Tomorrow evening at sunset, May 26th, begins the holiday of Shavuot.
What is Shavuot? It celebrates the giving of the Torah at Mount Sinai. (Note that it is about the giving, not the receiving, because in Judaism, we are always receiving the Torah.)
Beginning on the second night of Passover, we begin the Counting of the Omer, which leads us to Shavuot 49 days later. Shavuot translates to the Festival of Weeks, in part because of the counting of seven weeks leading up to the holiday.
In Israel, Shavuot is celebrated for one day, while it is celebrated for two in the Diaspora (except for Reform Jews, who celebrate one day). Why is this? Because before the Jewish calendar was fixed by mathematical calculation in 358 CE, new months were determined by witness testimony to the new moon and declared by the Sanhedrin (the ancient Jewish courts). As the diaspora spread, communities became too distant to hear when the new month had been declared. Therefore, a second day was added to insure that they did not risk violating the holiday. The second day remains a celebration to honor the practice.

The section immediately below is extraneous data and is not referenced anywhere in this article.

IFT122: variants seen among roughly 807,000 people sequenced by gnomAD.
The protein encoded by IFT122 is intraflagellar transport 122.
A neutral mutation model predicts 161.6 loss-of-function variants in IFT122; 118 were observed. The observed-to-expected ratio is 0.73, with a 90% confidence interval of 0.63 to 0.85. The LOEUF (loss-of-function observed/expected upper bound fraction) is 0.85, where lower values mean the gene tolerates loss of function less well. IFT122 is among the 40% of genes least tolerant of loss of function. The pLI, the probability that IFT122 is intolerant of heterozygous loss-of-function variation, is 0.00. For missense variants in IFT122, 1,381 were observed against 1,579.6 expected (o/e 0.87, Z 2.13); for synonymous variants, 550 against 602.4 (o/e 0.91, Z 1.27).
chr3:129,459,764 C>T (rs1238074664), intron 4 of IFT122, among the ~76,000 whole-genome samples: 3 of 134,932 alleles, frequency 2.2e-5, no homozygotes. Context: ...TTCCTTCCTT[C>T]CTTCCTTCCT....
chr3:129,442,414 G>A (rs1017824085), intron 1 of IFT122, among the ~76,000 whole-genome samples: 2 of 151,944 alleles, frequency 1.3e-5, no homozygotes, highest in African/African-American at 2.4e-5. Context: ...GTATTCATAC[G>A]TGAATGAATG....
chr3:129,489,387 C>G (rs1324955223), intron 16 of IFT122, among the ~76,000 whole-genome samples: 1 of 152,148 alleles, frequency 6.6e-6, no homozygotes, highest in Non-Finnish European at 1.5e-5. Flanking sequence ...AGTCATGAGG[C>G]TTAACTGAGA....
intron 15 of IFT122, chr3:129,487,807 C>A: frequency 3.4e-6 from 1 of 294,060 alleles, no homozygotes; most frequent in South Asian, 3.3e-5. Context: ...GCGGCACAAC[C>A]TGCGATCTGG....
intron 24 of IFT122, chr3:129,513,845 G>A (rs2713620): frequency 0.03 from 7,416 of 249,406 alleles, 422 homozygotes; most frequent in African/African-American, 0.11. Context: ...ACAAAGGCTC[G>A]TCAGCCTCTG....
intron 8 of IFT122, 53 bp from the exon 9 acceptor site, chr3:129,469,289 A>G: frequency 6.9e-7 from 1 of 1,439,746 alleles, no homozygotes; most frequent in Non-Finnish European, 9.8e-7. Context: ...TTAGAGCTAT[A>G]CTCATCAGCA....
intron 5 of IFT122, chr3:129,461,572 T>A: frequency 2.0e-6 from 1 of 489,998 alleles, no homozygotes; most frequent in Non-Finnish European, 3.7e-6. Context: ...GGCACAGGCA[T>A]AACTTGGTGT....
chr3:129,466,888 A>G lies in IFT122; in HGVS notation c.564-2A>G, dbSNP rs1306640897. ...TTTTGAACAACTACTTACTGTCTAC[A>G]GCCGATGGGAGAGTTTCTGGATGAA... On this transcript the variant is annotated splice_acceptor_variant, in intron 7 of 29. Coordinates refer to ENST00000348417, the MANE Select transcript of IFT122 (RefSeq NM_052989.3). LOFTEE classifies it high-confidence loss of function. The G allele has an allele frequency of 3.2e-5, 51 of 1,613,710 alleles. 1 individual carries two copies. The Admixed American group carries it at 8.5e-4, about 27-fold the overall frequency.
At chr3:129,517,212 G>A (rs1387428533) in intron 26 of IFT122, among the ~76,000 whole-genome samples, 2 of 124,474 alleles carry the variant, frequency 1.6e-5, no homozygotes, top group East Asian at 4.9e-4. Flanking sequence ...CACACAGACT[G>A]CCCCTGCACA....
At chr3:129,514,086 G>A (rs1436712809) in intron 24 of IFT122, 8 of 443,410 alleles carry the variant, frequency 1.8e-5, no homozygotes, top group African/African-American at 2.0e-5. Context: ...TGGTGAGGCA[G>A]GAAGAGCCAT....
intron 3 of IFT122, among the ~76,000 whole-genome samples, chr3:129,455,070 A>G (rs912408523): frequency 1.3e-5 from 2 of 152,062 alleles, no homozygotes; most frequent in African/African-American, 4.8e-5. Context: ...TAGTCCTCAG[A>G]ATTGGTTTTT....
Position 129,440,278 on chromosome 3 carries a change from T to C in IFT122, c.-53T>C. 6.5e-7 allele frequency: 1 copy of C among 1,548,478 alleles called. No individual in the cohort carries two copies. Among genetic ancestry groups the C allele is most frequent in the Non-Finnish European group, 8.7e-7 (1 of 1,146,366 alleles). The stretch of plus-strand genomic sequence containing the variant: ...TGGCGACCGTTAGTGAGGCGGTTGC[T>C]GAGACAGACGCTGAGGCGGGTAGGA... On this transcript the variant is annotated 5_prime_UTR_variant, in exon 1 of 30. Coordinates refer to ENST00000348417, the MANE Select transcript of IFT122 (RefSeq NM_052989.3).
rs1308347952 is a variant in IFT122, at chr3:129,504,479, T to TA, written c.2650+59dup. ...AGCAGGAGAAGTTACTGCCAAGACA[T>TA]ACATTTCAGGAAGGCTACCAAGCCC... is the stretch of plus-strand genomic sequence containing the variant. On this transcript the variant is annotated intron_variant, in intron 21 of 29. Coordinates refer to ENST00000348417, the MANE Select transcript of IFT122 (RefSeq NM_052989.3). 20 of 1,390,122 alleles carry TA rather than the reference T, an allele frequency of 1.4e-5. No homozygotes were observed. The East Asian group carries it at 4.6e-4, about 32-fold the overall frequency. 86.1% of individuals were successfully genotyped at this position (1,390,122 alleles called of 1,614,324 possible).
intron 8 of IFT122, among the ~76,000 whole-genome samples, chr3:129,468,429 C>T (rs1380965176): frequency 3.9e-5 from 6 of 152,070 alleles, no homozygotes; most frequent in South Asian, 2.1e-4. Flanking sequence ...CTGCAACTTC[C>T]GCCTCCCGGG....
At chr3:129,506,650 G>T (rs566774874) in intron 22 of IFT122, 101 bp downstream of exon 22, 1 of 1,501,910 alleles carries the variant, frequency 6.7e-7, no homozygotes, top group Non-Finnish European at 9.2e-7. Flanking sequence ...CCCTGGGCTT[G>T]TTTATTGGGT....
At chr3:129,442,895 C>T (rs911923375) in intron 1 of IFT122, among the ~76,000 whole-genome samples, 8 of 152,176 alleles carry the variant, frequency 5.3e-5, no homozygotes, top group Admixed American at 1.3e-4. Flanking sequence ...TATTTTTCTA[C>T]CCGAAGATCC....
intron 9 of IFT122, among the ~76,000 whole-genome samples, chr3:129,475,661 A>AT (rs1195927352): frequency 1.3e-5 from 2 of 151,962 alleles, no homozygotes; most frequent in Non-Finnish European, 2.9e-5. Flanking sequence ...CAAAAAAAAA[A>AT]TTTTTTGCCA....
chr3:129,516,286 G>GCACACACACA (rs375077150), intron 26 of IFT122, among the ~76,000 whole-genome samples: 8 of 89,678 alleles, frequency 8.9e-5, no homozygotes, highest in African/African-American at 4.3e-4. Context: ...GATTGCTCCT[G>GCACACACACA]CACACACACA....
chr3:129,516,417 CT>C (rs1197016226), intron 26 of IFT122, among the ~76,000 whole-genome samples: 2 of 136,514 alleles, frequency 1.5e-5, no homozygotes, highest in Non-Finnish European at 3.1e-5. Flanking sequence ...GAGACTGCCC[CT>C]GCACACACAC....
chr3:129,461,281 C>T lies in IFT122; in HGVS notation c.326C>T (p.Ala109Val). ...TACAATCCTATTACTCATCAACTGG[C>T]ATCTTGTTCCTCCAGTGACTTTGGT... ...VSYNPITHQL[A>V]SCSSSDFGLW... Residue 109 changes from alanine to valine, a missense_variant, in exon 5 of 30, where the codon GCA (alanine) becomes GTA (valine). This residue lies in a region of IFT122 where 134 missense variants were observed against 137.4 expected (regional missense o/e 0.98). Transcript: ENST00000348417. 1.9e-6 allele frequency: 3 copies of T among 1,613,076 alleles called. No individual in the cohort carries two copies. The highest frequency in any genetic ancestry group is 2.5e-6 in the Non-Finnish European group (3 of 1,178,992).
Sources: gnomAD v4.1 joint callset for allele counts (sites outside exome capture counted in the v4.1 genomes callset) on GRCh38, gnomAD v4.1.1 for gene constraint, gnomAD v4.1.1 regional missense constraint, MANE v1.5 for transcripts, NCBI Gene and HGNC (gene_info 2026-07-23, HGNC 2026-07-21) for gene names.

Shavuot is celebrated with the consumption of dairy products, reading the Book of Ruth, decorating with greenery, and all night Torah study.
Salt Lake County's two major synagogues are offering "all night" Torah study and Shavuot celebrations. More information can be found on their web sites. Congregation Kol Ami and the Melton School are offering Torah study and a dairy buffet on May 26th (some details on the calendar or page 15 of the newsletter). Bais Menachem (Chabad Lubavitch of Utah) is having Torah study on the 26th, and on the 27th, a reading of the Ten Commandments followed by a Cheesecake and Ice Cream Party.